Recap on Retrenchment and Students Leaping Into Action.

Sophie Harris

 Throughout this academic year, the word retrenchment has been floating around the SOU campus. Retrenchment has resulted in the proposed elimination and restructuring of academic departments at Southern Oregon University. Deep cuts in state funding coupled with a decline in student enrollment has caused SOU to fall into negative numbers finically.

In December, President Mary Cullinan made the official announced that SOU would be entering into retrenchment, and so far it has been viewed with mixed emotions from students and faculty.

 The provisional plan currently released is just a proposal,soon be finalized, but is still in the 20-day comment period. The students, facility and members of the community have been able to suggest potential alternatives to retrenchment and share their opinion during this time.

One of the most vocal responses is Vigil for the Arts, which was created to raise awareness about the deep academic cuts that SOU is making. Various members of this organization have attended the open forums on retrenchment, addressing their concerns with the university proposed desicion. A blog has even been created, so students and supporters can share their thoughts and stories about what they believe school will lose due to retrenchment.

Virgil for the Arts have also developed a unique protest that has gained recognition by holding “mock funerals” on campus. A eulogy is recited at these mock funerals for the programs potentially lost due to the retrenchment. Students involved with Vigil for the Arts say that this ‘funeral’ raises awareness about how many programs will be lost.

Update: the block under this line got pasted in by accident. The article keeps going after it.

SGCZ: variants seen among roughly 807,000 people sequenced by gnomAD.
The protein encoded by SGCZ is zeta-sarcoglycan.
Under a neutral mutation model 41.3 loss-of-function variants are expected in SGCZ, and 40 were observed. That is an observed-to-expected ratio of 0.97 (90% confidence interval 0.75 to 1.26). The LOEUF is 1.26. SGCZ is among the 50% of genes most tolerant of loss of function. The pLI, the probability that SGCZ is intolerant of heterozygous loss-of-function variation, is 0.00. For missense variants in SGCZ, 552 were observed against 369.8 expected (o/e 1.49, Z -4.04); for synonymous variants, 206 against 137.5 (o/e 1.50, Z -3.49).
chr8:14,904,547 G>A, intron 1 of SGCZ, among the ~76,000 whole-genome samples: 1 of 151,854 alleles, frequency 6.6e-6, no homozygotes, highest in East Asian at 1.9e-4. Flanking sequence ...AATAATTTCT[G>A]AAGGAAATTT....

The students behind Vigil for the Arts have many concerns about how retrenchment will affect the school. One student pointed out that nearly a third of the programs at SOU will be cut, and that the art department will be particularly hit hard. One of the major reason behind these academic cuts is because of the shrinking class sizes, but many students have stated that’s why they chose SOU in the first place because of the smaller class sizes.

The issue of shrinking class sizes was addressed in a meeting held on retrenchment earlier this month. The universities responded that this restructuring has been held off for as long as possible, and drops in state and federal funding is forcing this decision.

The majority of SOU funding comes from tuition, and as tuition costs keep rising, state allocations are dropping. SOU administration has stated that the school has tried to protect the academic departments for as long as possible. The school has chosen to target majors with low enrollment and graduation rates. Unfortunately, this put many of the programs in foreign languages, art, and physics at risk. How deep these cuts will go will depend on the amount of state funding to be received.

The students involved with Vigil for the Arts have been very vocal about the cuts. The funeral procession brought attention to how many programs would be lost, and the blog has allowed students to share their stories, and to show how they will be affected. The students are hoping to find a solution that does not involve large cuts to any department. In the face of dropping students enrollment and state funding, this may not be possible.

Source: Sophie Harris

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